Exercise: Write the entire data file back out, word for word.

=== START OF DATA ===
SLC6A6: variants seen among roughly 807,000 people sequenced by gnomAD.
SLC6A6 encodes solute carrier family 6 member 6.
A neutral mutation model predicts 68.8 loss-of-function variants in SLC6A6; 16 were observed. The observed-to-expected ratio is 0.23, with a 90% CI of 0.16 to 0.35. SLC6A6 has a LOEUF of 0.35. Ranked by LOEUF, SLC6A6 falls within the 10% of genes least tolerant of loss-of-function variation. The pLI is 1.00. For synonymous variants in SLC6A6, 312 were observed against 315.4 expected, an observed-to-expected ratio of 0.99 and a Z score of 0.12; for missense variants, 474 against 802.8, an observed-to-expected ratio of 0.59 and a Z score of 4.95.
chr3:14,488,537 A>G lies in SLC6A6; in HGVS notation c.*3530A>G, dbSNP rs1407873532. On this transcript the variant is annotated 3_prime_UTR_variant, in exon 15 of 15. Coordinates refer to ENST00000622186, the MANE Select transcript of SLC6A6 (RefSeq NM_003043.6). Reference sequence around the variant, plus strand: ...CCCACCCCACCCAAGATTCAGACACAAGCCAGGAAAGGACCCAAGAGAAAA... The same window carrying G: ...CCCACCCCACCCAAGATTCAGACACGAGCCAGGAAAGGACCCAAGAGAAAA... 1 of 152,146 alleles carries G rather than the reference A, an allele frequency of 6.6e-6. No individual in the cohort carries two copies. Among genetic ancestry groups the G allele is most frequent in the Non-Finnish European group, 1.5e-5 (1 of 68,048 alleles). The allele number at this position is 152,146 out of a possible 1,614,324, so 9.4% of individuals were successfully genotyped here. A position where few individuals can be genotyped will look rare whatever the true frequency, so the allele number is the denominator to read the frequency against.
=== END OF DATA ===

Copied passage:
SLC6A6: variants seen among roughly 807,000 people sequenced by gnomAD.
SLC6A6 encodes solute carrier family 6 member 6.
A neutral mutation model predicts 68.8 loss-of-function variants in SLC6A6; 16 were observed. The observed-to-expected ratio is 0.23, with a 90% CI of 0.16 to 0.35. SLC6A6 has a LOEUF of 0.35. Ranked by LOEUF, SLC6A6 falls within the 10% of genes least tolerant of loss-of-function variation. The pLI is 1.00. For synonymous variants in SLC6A6, 312 were observed against 315.4 expected, an observed-to-expected ratio of 0.99 and a Z score of 0.12; for missense variants, 474 against 802.8, an observed-to-expected ratio of 0.59 and a Z score of 4.95.
chr3:14,488,537 A>G lies in SLC6A6; in HGVS notation c.*3530A>G, dbSNP rs1407873532. On this transcript the variant is annotated 3_prime_UTR_variant, in exon 15 of 15. Coordinates refer to ENST00000622186, the MANE Select transcript of SLC6A6 (RefSeq NM_003043.6). Reference sequence around the variant, plus strand: ...CCCACCCCACCCAAGATTCAGACACAAGCCAGGAAAGGACCCAAGAGAAAA... The same window carrying G: ...CCCACCCCACCCAAGATTCAGACACGAGCCAGGAAAGGACCCAAGAGAAAA... 1 of 152,146 alleles carries G rather than the reference A, an allele frequency of 6.6e-6. No individual in the cohort carries two copies. Among genetic ancestry groups the G allele is most frequent in the Non-Finnish European group, 1.5e-5 (1 of 68,048 alleles). The allele number at this position is 152,146 out of a possible 1,614,324, so 9.4% of individuals were successfully genotyped here. A position where few individuals can be genotyped will look rare whatever the true frequency, so the allele number is the denominator to read the frequency against.